Ok, so I know it’s not a Matchless, but this was my first motorbike back when I was at university and therefore my introduction to the wonderful world of two-wheeled motoring. Back then, cameras mostly needed film (not memory cards) so I don’t have many photo’s of it, but I did recently find a couple that I took for insurance purposes.
The bike was a Honda NSR125RK and despite looking like something much bigger and sportier, it actually only had a little 125cc 2-stroke engine. It still had about 28bhp though so was pretty quick off the mark and would get up to 70mph easily, or 80 if you lay right down on the tank. Not bad for a 125 hey! The tyres were also nice and wide so it handled pretty well and it stopped fairly sharply too thanks to disc brakes front and rear. From memory I think it was a “H” reg that means it must have been around a 1990 model.
I guess that’s why I liked it at the time as it looked like a proper bike rather than a moped, but could be ridden on L-plates after passing only a CBT. I never did get around to passing my full motorcycle test at the time which didn’t matter though as I didn’t want to go on motorways or carry a pillion. Then I sold the bike after being given a car before the CBT expired, so a full licence wasn’t necessary until I bought my Matchless over 10 years later.
But back to the bike, or at least what I can remember about it. Well I know that it wasn’t exactly reliable for a start. When it went, it went really well but it did seem to be off the road as much as on it. I seem to remember being told that these were Italian import models (although not really sure what that actually means thinking about it now), but being Italian would certainly explain the appalling electrics!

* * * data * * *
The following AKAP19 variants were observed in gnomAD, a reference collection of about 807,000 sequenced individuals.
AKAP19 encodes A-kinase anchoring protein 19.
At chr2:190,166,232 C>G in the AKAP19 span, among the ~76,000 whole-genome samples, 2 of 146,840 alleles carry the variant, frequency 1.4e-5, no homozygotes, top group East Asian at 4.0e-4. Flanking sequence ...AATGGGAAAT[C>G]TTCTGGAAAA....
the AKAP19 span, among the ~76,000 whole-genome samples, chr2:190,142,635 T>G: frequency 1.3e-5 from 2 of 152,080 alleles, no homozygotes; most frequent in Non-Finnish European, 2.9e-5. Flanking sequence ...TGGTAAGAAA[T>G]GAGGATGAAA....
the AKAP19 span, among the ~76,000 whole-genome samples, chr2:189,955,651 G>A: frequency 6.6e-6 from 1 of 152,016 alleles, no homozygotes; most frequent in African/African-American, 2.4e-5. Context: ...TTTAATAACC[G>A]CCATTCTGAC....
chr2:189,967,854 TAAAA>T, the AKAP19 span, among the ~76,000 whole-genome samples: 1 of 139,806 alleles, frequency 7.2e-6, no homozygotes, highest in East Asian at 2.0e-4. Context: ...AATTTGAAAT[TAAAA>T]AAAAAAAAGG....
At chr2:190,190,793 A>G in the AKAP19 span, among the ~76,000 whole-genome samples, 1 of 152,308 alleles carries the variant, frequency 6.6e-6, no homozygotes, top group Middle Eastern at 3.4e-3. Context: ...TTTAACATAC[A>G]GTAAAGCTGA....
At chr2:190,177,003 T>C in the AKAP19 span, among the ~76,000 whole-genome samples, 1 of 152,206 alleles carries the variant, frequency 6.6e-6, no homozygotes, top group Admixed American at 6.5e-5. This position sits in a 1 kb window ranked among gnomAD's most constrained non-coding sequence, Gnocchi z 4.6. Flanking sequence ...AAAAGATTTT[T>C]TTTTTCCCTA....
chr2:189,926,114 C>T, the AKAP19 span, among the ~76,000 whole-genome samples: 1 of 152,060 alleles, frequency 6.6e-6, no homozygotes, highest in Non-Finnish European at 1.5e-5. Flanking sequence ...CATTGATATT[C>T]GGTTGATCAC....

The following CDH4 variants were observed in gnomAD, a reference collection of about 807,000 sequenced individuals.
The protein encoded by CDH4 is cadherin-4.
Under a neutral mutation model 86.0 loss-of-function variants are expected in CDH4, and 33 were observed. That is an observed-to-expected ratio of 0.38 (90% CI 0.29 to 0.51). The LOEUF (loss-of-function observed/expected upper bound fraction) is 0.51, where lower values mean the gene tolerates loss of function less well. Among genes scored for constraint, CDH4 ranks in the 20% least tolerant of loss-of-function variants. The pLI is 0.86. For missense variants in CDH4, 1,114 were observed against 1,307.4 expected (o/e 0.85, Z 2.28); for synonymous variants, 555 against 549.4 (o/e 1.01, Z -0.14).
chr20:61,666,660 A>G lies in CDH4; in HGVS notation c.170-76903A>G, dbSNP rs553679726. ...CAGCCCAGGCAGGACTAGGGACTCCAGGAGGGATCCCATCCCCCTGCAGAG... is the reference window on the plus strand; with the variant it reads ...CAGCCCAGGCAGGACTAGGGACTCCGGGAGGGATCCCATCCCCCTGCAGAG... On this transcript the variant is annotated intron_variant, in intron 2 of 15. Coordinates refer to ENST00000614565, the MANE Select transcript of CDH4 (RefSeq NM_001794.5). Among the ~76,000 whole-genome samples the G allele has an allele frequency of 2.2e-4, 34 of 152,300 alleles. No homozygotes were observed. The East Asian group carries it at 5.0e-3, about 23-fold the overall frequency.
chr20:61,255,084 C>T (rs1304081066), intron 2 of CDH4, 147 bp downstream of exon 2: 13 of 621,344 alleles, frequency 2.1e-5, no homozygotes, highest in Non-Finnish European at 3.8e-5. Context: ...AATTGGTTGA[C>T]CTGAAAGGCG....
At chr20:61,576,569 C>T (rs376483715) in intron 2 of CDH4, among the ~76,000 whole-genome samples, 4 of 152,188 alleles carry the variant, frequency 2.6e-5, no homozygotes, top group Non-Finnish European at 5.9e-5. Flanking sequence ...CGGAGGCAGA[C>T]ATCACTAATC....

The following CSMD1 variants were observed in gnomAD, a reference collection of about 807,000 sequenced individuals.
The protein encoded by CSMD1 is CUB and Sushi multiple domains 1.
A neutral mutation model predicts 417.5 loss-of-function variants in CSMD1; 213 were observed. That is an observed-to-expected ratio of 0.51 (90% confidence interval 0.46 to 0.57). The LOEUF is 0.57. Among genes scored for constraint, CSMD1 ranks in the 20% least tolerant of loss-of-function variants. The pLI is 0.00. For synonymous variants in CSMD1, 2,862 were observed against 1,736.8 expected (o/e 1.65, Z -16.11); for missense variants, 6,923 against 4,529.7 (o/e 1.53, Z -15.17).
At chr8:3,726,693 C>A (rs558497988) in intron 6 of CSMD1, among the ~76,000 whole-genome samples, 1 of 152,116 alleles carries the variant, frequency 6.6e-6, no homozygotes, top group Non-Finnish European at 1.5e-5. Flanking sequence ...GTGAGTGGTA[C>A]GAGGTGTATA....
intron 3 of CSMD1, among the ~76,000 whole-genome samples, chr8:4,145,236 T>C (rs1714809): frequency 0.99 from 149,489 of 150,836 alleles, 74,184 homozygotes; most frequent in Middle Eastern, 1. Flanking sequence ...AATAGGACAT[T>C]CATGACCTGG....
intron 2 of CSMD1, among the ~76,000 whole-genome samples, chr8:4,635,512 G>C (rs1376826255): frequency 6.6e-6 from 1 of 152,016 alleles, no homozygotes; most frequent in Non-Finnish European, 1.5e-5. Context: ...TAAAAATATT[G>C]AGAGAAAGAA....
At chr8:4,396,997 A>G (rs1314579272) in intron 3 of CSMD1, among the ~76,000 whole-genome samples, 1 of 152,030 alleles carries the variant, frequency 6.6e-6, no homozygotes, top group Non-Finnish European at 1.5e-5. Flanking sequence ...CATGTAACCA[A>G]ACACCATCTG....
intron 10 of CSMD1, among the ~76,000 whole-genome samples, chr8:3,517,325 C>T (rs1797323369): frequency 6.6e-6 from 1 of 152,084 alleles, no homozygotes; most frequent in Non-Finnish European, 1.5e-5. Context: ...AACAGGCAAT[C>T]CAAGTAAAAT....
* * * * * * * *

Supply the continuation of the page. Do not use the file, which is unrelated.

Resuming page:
When I purchased it, the previous owner said that the battery needed to be replaced as it wouldn’t hold charge, but even after fitting a new one it would occasionally and randomly run out of juice. And of course having electronic ignition this meant that the engine would die, as well as having no lights etc. After months and months of searching I eventually tracked the problem down to a dodgy connection on the main multi-way connector for the charging circuit. Well actually it was the wire which had corroded through and partially snapped about 1/2″ up from the connector. The insulation on the outside looked fine, but the wire inside was mostly just dust at this point.
The other big problem I had was that it kept blowing the head gasket, and to this day I still have no idea why. I had new head gaskets fitted by the Honda dealer, and when it blew again I even had the top of the barrel and head skimmed to make sure they were perfectly flat. But sure enough, whatever I did, the head gasket would sooner or later blow again sending a jet of hot steam up the back of my leg. From a quick Google search a couple of minutes ago it seems others have had similar problems caused by blockages in the cooling system, but alas there were no motorbike forums online back then.
So finally, when it was all up and running for the last time I decided it was about time to sell it. I think I actually got back more than I paid for it in the end (not taking into account all the mechanics expenses of course) so I didn’t lose too much on it and it certainly got me back and forth to uni each day much quicker than friends stuck in the morning rush hour in cars. But when I was given an old VW Polo, the joys or dry motoring in any weather, the ability to lug more of my meagre student possessions back and forth from home and the increased life expectancy from not keep falling off meant that two wheels were good, but 4 wheels were better!
And that was the end of my two-wheeled adventures for about 10 years until my 1951 Matchless G3LS came along whilst I was living out in India….